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Five Foods That Cause Inflammation

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And Five That Fight It!

Our diet regulates how our body takes care of itself. Whatever we eat or drink inevitably end up as fuel and resources for the body’s natural processes – including inflammation.

The immune system is responsible for inflammation in the body. Short-term inflammation aids in eliminating the initial cause of cell injuries, clears out damaged tissues, serves as an alert to other immune responses, and catalyzes tissue repair. In short, it’s a natural part of the human body’s innate healing abilities, whether in the form of painful swelling or high body temperature.

So what’s the problem? Although short-term inflammation is a natural and necessary bodily response to damage, prolonged inflammation is not, and can even cause long-term damage when left unchecked.

In fact, chronic inflammatory diseases are the most significant cause of death in the world, according to the World Health Organization. Cardiovascular diseases account for 1 in 3 deaths in America. And Maryville University estimates that by 2025, 164 million people in the United States will be affected by some form of chronic disease – most of which are linked to chronic inflammation. Diabetes, arthritis and joint diseases, CVD, and Chronic Obstructive Pulmonary Disease are some of the worst and more common forms of these diseases.

While one of the most efficient tools to combat chronic inflammation is medication, opting for an anti-inflammatory diet can help reduce the risk of chronic illnesses. On the other hand, eating inflammatory food can actually aggravate the process.

So here’s what you need to know about optimizing your diet to fight inflammation:

What To Avoid

Sugary food. Sugar, in particular fructose, is one of the leading aggravators of inflammation indicators in the body according to numerous studies. In fact, a recent study published in the Molecular Neurobiology Journal supported the scientific consensus earlier that fructose induces inflammation and oxidation stress. High-fructose corn syrup (HFCS) is typically found in all sweetened beverages sold commercially.

Refined carbohydrates. Not all carbs are bad, but you should steer clear from refined carbohydrates. This type of food encourages the proliferation of inflammatory gut bacteria as it has a higher glycemic index.

Processed meats. Aside from carcinogens, processed meats like bacon, ham, and beef jerky contain more advanced glycation end (AGE) products. AGEs are formed when cooking meat at high temperatures. Deep fried meats in particular are well-known sources of inflammation.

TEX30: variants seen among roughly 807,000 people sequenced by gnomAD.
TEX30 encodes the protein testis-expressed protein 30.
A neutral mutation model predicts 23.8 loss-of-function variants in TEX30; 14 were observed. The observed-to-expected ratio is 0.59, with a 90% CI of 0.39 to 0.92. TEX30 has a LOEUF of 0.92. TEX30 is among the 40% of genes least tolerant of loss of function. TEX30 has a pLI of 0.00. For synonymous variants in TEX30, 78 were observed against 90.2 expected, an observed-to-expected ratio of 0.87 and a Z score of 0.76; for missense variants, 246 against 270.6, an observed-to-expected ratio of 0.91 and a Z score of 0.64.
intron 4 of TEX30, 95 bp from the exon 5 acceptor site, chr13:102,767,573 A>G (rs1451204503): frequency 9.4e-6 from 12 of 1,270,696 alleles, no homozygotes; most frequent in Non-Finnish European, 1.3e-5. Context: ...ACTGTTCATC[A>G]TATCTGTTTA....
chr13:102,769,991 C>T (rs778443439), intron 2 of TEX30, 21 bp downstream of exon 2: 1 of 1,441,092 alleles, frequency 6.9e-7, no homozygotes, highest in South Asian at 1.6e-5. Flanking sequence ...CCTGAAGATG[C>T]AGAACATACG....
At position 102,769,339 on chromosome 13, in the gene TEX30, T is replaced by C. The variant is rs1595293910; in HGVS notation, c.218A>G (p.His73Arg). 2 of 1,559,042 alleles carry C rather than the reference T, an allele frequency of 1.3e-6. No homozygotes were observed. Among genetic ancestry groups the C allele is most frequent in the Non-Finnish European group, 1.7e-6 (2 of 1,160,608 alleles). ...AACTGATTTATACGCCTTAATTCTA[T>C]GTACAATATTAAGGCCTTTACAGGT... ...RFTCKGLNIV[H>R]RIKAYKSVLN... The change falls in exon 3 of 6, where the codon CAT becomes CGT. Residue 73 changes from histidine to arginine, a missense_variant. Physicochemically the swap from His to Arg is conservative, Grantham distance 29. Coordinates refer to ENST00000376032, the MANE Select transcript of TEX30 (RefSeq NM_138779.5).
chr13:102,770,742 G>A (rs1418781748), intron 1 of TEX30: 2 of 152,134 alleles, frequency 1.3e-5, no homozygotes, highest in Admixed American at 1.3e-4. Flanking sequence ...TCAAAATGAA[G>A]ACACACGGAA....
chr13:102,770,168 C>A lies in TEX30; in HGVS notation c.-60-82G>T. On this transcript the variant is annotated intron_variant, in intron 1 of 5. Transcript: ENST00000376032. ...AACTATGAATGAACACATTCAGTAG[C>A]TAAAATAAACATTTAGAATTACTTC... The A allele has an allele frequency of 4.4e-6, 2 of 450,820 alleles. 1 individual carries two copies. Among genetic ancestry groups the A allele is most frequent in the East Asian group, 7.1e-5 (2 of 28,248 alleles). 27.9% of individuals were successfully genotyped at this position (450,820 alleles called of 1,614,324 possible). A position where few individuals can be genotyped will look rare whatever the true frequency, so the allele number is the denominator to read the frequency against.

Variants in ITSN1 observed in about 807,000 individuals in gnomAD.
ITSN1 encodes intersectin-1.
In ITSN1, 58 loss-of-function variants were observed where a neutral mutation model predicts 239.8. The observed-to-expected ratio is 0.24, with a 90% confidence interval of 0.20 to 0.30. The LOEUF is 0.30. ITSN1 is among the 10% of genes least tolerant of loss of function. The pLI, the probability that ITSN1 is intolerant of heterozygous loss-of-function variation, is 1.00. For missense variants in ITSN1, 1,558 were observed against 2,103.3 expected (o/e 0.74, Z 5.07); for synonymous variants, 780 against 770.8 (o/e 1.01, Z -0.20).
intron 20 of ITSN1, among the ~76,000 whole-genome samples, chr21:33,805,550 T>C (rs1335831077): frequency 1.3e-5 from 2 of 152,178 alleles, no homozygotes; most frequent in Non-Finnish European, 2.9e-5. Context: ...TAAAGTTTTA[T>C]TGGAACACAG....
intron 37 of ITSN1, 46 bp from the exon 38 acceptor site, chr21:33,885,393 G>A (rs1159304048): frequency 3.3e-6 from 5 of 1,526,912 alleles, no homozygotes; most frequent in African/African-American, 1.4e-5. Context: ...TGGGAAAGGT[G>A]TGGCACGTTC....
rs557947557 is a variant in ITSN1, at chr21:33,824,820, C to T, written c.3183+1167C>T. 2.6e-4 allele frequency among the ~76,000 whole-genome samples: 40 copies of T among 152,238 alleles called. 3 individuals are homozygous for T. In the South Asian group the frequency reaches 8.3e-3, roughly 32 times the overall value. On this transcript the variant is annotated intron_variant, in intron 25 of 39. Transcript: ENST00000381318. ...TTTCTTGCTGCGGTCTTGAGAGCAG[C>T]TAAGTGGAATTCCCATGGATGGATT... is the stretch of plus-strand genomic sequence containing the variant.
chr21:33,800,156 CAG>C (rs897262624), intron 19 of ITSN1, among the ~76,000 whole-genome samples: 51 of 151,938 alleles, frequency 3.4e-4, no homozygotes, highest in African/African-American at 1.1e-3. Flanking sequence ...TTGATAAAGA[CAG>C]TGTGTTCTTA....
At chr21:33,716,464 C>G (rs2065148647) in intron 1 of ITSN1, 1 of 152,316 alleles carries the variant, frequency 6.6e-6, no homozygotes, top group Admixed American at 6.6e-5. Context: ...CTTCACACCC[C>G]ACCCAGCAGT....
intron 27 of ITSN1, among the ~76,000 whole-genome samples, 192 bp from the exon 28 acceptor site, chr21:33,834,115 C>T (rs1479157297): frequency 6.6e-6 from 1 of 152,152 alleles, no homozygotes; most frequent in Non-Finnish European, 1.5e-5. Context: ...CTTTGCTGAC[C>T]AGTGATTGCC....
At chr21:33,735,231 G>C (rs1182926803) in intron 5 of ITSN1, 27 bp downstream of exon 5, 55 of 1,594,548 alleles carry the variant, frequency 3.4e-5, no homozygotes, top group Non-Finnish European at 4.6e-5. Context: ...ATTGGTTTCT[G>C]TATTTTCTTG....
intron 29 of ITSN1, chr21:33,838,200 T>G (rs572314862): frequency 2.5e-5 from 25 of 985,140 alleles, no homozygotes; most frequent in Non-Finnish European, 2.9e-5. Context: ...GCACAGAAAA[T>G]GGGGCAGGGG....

Excessive alcohol. Alcohol consumption promotes neuro and intestinal inflammation. This happens when heavy too much alcohol progresses to leaky gut – where bacterial toxins move out of the colon – and lead to inflammation and even organ damage.

Artificial Trans Fats. These fats are the worst kind. They are found in fast food products, microwave ready meals, and junk food. Unlike other fats, artificial trans fat consumption is strongly linked to the rapid increase of C-reactive protein – an inflammatory marker.

What to eat:

Dark leafy greens. Cruciferous vegetables such as broccoli, kale, and Brussels sprouts are linked to a reduction in inflammation, heart disease, and even cancer.

Berries. They contain an anti-inflammatory antioxidant called anthocyanins. Packed with vitamins and minerals, berries aid in strengthening your immune system and preventing it from going haywire.

Avocados. A study from the UCLA Center for Human Nutrition found that inflammation markers NF-kB and IL-6 were lower in those who eat avocados. This particular superfood also contains carotenoids and tocopherols – which reduces the risk of cancer.

Tomatoes. Rich in lycopene, which reduces inflammation, the humble and common tomato is a neglected superfood. One study found that tomato juice can decrease inflammation in overweight women.

Turmeric. An important part of Indian dishes such as this Paleo Turmeric Roast Chicken, turmeric contains curcumin – a strong anti-inflammatory nutrient. Similarly, there are supplements with isolated curcumin to boost this effect.

Although optimizing your daily food intake to fight inflammation is easier said than done, the long-term benefits of an anti-inflammatory diet are undeniable.

Piece exclusively submitted by Y. Lemare for